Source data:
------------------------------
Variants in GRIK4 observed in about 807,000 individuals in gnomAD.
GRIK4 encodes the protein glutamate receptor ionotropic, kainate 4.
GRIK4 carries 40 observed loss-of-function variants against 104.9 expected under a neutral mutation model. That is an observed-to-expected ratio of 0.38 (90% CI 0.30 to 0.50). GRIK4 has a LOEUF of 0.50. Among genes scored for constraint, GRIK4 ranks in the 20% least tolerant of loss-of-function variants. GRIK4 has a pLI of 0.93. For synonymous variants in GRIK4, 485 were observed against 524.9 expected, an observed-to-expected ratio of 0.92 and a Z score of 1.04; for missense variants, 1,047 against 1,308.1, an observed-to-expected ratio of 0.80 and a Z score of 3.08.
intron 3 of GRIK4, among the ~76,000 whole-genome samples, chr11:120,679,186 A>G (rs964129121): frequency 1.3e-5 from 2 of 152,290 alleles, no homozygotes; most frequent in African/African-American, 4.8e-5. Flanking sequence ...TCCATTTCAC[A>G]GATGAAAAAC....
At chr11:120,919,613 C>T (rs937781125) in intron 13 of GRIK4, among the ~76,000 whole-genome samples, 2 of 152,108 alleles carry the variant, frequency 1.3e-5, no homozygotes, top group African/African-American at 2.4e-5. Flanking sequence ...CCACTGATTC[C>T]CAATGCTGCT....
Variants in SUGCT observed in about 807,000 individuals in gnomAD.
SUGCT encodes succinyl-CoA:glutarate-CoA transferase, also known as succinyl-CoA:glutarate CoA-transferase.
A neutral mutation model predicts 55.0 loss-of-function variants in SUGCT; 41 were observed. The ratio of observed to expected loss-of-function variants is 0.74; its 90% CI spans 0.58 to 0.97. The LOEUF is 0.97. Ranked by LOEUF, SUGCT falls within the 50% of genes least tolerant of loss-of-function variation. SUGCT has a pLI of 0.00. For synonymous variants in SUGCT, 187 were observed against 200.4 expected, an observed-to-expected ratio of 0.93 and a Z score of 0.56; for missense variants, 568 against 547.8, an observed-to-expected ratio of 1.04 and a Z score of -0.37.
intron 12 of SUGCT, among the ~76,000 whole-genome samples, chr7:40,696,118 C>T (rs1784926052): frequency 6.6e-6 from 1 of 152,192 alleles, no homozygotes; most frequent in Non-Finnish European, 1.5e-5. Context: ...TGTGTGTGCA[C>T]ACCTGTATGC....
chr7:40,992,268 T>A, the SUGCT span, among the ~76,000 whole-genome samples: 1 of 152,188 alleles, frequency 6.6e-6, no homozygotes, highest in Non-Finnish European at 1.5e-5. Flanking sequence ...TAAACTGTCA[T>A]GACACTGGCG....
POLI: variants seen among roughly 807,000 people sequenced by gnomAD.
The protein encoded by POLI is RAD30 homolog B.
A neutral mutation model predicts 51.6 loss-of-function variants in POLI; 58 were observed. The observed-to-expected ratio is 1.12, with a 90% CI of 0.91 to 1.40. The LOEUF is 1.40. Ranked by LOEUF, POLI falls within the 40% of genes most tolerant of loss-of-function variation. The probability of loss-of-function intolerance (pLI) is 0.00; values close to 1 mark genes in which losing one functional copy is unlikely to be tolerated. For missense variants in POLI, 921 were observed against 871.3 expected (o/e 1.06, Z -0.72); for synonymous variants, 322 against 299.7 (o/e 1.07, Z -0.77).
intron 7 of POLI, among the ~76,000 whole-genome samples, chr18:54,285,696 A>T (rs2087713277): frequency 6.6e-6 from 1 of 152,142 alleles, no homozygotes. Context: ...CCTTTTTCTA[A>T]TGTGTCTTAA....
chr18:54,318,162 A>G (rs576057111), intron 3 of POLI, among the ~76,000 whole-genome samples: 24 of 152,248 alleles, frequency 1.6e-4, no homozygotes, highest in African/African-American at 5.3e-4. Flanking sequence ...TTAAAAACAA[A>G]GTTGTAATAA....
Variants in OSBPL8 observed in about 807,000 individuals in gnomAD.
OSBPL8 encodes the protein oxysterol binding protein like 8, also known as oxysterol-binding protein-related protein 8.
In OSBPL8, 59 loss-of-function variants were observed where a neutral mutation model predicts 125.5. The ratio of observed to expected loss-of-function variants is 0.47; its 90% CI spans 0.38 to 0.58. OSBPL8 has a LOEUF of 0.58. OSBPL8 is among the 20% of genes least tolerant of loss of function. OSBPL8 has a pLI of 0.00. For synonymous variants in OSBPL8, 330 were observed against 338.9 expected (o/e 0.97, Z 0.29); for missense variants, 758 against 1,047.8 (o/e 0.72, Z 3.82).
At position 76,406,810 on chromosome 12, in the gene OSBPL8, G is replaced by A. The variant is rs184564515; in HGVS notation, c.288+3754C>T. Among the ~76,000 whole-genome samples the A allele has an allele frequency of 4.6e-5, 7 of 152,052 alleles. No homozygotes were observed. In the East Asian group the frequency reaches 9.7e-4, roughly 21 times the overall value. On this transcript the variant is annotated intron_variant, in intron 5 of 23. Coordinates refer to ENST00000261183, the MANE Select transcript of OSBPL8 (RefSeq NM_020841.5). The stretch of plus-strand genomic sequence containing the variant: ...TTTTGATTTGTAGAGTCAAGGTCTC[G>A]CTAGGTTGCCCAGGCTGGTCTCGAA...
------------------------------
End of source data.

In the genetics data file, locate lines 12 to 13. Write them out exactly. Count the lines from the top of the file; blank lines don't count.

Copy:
The protein encoded by POLI is RAD30 homolog B.
A neutral mutation model predicts 51.6 loss-of-function variants in POLI; 58 were observed. The observed-to-expected ratio is 1.12, with a 90% CI of 0.91 to 1.40. The LOEUF is 1.40. Ranked by LOEUF, POLI falls within the 40% of genes most tolerant of loss-of-function variation. The probability of loss-of-function intolerance (pLI) is 0.00; values close to 1 mark genes in which losing one functional copy is unlikely to be tolerated. For missense variants in POLI, 921 were observed against 871.3 expected (o/e 1.06, Z -0.72); for synonymous variants, 322 against 299.7 (o/e 1.07, Z -0.77).